In his excellent book “The Idea Factory: Bell Labs and the Great Age of American Innovation”, Jon Gertner quotes Jack Morton, who worked at the Labs on the development of the transistor in the 1940s, saying “[Innovation] is not just the discovery of new phenomena, nor the development of a new product or manufacturing technique, nor the creation of a new market”, but all of these working together to deliver things that make a difference. Or, as one of our investors puts it succinctly: “a business without customers is just a hobby”.
As technologists, we of the nerdly persuasion tend to believe that the tech is the key ingredient in the success of any startup. At MACH37 we talk to a lot of incredibly smart technical people, some with potentially game-changing ideas…but, technology is not innovation. For a startup to deliver products that make a difference it takes a great technical idea, but also someone who knows how to build a business, someone who knows how to turn an idea into a product, and people who can find customers, understand their problems and sell them your idea. Innovation is a team sport.
So, how important is the tech? As we evaluate startups and talk to investors, a large majority consider it essential to have someone with deep technical domain expertise, as well as product development skills, as part of the initial entrepreneurial team. Many of those same people will tell you however that the initial technology contributes maybe only 10% or 20% to the success of the business, that the ability to pivot is critical, that technology almost never creates new market segments. My own rule of thumb is that your going-in idea is always wrong.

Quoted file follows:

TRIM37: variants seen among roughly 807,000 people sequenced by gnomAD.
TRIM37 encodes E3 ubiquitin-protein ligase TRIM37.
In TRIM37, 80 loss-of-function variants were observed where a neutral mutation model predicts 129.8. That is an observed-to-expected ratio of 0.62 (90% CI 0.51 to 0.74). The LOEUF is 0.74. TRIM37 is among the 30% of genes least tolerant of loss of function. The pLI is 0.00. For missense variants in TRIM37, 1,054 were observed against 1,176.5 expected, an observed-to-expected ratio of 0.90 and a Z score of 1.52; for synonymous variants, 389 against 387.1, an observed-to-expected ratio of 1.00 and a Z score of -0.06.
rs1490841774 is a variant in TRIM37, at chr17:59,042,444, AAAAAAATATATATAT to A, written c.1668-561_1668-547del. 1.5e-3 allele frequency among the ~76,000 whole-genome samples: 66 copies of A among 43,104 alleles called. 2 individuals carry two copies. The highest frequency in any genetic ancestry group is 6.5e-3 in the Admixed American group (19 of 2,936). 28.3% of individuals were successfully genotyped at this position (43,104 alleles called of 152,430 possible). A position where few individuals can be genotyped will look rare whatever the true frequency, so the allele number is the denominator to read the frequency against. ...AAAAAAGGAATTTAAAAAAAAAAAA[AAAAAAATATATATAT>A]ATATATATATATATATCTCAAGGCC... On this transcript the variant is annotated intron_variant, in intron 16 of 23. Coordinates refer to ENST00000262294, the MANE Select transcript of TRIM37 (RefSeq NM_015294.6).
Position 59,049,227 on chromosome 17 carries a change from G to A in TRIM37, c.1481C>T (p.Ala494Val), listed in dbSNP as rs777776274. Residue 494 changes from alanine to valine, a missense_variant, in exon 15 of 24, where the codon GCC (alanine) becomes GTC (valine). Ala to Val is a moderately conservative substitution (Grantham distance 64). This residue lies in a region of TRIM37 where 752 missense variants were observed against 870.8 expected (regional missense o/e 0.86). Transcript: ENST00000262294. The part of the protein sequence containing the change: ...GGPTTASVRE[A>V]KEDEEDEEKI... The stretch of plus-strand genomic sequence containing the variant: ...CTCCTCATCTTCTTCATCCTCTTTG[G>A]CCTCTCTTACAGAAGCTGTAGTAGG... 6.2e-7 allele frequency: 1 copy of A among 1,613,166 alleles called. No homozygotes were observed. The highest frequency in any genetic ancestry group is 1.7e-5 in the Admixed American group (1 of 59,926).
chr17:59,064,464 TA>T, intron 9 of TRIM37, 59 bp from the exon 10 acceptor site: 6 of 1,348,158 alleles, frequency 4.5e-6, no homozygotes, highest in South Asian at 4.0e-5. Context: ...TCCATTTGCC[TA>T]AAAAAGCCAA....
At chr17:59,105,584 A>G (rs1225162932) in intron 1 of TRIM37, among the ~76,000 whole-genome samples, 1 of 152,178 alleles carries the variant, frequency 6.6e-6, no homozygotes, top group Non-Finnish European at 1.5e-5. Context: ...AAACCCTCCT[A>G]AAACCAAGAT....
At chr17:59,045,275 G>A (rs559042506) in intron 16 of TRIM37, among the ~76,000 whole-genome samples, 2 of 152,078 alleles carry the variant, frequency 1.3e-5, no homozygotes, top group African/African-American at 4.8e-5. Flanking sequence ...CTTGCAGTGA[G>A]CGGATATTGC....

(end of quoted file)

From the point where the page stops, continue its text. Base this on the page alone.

Making sense of the contradictions can be maddening…being passionate about your ideas but willing to turn on a dime; knowing what is necessary but not sufficient; being game-changing in a way that’s not too ground-breaking. This is the first of a series of posts to explore these contradictions from the technologist’s point of view. How many features make a product? When do you abandon Rev 1 and start over? When does one product become two? How do you know what customers really want? How far ahead of the market or the product can you be? And once you delegate the product design, and customer interaction and hands-on coding, how do you continue to add value to your organization?
David Ihrie is CTO of MACH37 and has been the lead technical person for six startup companies. He has a BS in EE/CS and an MS in Management specializing in the Management of Technological Innovation, both from MIT.